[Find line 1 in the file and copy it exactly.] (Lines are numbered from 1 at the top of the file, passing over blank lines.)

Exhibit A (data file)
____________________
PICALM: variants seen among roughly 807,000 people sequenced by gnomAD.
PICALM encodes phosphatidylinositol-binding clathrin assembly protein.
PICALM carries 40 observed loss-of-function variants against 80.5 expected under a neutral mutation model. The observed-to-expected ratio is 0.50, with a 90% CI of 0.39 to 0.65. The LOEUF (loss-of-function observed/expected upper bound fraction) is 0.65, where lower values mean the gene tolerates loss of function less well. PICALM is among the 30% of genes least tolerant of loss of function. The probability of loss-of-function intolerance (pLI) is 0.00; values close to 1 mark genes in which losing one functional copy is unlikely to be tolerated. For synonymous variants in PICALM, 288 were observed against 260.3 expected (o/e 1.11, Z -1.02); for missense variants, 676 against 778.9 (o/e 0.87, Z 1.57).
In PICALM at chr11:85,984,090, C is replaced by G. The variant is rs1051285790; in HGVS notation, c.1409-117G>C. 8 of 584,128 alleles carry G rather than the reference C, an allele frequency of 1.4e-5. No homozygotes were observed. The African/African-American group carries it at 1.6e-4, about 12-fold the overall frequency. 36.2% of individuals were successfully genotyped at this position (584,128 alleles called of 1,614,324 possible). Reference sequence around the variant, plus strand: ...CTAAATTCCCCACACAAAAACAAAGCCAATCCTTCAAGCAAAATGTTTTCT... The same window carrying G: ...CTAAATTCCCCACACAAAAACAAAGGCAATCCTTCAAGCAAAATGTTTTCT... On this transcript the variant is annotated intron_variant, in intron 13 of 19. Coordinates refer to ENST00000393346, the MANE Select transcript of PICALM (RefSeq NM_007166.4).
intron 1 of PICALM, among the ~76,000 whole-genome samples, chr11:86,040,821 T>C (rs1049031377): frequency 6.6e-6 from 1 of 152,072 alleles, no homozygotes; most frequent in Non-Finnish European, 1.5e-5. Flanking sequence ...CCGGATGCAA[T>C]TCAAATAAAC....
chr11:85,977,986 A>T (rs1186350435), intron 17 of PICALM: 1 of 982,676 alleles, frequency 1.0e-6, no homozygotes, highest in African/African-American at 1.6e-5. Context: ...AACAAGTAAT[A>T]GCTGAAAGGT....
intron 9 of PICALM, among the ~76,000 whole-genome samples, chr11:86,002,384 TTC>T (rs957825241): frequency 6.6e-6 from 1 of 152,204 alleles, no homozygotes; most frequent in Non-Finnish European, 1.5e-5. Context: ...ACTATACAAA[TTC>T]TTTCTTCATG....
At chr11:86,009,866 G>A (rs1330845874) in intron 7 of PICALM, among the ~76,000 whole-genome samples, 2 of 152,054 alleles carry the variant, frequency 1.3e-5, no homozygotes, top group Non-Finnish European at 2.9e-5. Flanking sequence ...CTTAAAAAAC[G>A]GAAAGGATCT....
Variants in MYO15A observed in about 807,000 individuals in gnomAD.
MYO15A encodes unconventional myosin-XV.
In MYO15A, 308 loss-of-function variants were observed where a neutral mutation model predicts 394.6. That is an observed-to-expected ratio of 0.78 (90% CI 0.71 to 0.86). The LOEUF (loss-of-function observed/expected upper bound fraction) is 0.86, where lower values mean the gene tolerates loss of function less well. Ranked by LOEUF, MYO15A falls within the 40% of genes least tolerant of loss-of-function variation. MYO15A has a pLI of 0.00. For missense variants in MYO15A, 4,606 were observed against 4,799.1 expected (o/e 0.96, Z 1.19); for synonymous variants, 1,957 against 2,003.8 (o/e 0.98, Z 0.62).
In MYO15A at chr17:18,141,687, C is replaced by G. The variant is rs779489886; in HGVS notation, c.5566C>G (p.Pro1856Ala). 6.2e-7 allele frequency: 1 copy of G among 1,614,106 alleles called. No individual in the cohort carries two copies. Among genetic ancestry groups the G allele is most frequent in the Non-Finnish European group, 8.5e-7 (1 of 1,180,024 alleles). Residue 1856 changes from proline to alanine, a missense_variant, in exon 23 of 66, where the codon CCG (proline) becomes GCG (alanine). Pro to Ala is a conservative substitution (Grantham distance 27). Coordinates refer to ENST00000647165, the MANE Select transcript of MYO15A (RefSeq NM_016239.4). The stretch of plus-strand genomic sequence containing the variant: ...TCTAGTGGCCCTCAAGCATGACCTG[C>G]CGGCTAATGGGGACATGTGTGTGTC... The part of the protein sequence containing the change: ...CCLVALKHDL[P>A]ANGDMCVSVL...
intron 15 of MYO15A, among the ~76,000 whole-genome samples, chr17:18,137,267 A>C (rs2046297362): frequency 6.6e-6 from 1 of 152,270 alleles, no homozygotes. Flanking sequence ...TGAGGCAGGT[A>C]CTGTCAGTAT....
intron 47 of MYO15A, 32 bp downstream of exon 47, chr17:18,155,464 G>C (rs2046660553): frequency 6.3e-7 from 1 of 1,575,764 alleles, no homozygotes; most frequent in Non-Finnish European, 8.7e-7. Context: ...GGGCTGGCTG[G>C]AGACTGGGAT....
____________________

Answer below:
PICALM: variants seen among roughly 807,000 people sequenced by gnomAD.